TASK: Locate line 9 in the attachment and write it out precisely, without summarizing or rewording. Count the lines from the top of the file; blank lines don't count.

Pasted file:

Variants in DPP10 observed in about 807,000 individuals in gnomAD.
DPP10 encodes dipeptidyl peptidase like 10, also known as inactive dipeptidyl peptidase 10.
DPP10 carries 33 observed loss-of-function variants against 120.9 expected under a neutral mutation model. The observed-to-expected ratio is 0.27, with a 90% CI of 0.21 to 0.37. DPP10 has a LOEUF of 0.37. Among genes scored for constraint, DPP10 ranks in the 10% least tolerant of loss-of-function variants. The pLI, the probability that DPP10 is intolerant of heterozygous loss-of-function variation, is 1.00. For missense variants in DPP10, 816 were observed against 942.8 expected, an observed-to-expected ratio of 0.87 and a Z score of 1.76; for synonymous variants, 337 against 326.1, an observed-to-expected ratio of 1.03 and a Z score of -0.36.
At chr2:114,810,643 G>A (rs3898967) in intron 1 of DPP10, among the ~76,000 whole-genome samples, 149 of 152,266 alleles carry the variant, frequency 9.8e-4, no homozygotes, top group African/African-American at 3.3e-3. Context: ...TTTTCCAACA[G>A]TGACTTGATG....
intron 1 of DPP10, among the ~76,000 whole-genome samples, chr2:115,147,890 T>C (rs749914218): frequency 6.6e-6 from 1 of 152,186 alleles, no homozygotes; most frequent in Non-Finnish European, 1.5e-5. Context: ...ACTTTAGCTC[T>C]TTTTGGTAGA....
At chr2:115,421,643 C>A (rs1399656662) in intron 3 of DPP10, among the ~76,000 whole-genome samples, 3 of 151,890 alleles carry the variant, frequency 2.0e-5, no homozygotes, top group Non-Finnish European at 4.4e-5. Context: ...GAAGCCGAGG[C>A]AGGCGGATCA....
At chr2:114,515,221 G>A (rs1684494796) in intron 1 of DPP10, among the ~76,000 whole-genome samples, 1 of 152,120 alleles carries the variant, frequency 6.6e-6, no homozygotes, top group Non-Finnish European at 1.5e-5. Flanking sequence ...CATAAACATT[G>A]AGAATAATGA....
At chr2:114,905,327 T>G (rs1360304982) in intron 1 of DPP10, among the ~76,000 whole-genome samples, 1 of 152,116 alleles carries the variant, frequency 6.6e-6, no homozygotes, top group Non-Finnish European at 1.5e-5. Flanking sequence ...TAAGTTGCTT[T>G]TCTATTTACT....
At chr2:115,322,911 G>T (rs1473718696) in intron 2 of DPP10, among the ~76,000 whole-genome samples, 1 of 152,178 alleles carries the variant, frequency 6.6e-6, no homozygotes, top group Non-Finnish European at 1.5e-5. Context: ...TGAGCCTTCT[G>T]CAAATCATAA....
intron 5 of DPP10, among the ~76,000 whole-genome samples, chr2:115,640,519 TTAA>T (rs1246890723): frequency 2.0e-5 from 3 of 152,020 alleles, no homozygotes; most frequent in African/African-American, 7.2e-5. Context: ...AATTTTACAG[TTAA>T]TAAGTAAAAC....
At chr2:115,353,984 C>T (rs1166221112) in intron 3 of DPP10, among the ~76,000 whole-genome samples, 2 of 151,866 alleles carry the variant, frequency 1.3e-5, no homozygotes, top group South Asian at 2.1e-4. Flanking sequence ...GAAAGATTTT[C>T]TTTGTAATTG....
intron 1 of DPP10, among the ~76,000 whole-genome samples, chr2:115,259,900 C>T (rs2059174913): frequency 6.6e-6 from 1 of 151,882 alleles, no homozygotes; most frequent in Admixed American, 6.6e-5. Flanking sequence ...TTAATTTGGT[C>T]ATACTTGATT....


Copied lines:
At chr2:115,322,911 G>T (rs1473718696) in intron 2 of DPP10, among the ~76,000 whole-genome samples, 1 of 152,178 alleles carries the variant, frequency 6.6e-6, no homozygotes, top group Non-Finnish European at 1.5e-5. Context: ...TGAGCCTTCT[G>T]CAAATCATAA....